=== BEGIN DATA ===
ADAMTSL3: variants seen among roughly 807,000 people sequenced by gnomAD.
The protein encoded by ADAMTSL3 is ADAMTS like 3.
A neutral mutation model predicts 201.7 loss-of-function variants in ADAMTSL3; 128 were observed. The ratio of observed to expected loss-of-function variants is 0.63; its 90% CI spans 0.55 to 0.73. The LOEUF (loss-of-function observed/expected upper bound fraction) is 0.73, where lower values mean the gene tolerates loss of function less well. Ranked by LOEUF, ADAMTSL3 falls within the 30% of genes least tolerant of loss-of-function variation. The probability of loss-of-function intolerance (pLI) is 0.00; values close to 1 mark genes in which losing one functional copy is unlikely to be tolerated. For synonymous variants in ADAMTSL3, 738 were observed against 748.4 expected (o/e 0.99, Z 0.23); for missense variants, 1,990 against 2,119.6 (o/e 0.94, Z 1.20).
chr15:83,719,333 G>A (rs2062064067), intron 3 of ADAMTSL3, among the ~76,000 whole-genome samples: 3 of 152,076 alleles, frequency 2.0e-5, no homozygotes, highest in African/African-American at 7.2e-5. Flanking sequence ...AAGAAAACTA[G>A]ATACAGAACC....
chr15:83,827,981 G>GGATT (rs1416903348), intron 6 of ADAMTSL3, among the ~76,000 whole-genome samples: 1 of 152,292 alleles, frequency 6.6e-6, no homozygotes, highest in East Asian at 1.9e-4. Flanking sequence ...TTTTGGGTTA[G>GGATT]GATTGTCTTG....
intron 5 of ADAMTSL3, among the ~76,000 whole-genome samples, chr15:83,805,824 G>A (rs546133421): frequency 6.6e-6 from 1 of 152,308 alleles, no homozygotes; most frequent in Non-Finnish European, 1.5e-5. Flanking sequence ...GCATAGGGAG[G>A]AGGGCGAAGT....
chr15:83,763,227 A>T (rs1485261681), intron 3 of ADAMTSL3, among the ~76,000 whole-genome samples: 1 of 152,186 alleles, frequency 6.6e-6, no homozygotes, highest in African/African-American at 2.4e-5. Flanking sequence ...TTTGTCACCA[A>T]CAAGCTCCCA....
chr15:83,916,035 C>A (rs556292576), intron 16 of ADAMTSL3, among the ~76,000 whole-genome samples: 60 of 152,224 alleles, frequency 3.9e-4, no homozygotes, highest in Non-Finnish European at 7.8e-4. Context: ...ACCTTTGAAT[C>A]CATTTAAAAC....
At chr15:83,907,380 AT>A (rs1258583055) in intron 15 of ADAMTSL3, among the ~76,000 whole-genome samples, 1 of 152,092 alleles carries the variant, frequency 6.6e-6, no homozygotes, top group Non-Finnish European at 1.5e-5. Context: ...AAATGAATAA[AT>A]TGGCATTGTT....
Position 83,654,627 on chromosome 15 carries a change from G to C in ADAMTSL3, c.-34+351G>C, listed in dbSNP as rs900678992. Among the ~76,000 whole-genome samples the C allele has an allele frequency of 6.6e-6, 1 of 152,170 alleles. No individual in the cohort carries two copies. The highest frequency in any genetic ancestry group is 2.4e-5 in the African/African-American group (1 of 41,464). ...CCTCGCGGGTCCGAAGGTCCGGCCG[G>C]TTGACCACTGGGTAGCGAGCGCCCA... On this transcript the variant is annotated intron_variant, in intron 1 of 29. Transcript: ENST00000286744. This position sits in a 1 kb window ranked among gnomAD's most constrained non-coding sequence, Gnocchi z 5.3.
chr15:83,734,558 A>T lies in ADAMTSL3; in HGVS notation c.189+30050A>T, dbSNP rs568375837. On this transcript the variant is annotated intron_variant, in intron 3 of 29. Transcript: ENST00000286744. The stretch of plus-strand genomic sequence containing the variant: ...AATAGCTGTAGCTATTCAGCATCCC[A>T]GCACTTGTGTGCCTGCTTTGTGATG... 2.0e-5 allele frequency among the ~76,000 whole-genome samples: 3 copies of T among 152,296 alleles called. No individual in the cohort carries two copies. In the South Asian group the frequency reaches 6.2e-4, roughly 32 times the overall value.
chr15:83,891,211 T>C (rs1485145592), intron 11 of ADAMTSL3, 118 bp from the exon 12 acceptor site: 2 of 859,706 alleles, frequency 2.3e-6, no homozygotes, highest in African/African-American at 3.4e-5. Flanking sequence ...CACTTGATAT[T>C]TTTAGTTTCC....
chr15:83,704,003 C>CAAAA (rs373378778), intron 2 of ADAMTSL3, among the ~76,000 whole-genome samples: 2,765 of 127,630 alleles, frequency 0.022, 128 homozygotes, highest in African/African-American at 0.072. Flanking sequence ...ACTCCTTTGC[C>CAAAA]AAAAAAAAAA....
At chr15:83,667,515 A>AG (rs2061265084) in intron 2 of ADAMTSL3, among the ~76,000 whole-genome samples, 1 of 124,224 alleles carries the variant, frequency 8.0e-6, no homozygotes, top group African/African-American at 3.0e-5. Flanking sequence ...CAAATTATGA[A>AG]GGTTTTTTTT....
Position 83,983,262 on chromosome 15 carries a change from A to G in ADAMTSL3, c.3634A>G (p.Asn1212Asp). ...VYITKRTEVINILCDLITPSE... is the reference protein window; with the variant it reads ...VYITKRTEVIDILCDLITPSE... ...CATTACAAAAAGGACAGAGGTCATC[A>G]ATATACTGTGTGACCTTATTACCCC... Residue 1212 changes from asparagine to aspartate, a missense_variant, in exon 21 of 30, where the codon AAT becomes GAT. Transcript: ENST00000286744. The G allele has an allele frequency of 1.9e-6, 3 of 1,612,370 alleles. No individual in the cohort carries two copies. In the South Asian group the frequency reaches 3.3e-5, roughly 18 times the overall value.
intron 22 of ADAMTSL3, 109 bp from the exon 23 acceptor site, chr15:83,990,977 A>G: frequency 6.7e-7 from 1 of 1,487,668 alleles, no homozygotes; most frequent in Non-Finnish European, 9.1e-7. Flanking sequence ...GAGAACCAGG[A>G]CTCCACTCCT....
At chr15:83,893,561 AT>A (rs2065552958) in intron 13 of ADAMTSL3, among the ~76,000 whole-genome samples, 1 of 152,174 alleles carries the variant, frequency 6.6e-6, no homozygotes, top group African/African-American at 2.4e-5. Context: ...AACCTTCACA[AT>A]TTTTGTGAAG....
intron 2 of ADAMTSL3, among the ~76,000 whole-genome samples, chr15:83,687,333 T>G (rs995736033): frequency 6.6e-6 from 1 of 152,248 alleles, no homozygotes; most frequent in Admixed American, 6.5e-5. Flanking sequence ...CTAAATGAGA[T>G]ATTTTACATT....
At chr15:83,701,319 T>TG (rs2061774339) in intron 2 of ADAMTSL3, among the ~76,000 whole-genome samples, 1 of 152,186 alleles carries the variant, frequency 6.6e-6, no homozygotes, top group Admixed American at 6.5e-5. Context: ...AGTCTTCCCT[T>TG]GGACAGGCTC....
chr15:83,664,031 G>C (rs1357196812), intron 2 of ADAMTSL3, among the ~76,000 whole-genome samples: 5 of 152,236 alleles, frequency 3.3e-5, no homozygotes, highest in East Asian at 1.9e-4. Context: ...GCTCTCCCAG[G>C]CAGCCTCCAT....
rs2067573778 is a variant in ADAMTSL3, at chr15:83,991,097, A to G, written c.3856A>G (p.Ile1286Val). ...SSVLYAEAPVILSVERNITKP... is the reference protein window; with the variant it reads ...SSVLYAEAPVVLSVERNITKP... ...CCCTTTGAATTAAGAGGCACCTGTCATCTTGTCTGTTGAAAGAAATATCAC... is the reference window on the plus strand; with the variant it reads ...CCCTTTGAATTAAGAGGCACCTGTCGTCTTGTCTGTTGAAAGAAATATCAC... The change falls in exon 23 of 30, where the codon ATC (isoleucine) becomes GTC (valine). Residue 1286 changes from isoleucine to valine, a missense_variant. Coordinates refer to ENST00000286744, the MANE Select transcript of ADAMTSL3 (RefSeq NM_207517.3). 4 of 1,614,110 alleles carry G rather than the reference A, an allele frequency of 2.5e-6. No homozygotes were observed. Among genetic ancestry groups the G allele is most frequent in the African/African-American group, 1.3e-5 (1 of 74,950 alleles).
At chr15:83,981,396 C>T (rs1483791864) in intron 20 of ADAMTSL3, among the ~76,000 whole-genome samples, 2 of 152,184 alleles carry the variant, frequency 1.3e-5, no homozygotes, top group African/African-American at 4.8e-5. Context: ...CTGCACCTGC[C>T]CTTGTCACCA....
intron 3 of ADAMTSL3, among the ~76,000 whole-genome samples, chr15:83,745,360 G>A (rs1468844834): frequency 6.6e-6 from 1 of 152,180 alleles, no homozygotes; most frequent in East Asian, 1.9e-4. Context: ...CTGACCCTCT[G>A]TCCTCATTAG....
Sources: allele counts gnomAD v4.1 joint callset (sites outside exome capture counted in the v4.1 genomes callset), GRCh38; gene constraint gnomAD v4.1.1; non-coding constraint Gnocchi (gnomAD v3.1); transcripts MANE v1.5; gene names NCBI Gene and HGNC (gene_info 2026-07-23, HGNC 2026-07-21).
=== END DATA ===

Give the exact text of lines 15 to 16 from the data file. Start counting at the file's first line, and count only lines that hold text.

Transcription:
Position 83,983,262 on chromosome 15 carries a change from A to G in ADAMTSL3, c.3634A>G (p.Asn1212Asp). ...VYITKRTEVINILCDLITPSE... is the reference protein window; with the variant it reads ...VYITKRTEVIDILCDLITPSE... ...CATTACAAAAAGGACAGAGGTCATC[A>G]ATATACTGTGTGACCTTATTACCCC... Residue 1212 changes from asparagine to aspartate, a missense_variant, in exon 21 of 30, where the codon AAT becomes GAT. Transcript: ENST00000286744. The G allele has an allele frequency of 1.9e-6, 3 of 1,612,370 alleles. No individual in the cohort carries two copies. In the South Asian group the frequency reaches 3.3e-5, roughly 18 times the overall value.
intron 22 of ADAMTSL3, 109 bp from the exon 23 acceptor site, chr15:83,990,977 A>G: frequency 6.7e-7 from 1 of 1,487,668 alleles, no homozygotes; most frequent in Non-Finnish European, 9.1e-7. Flanking sequence ...GAGAACCAGG[A>G]CTCCACTCCT....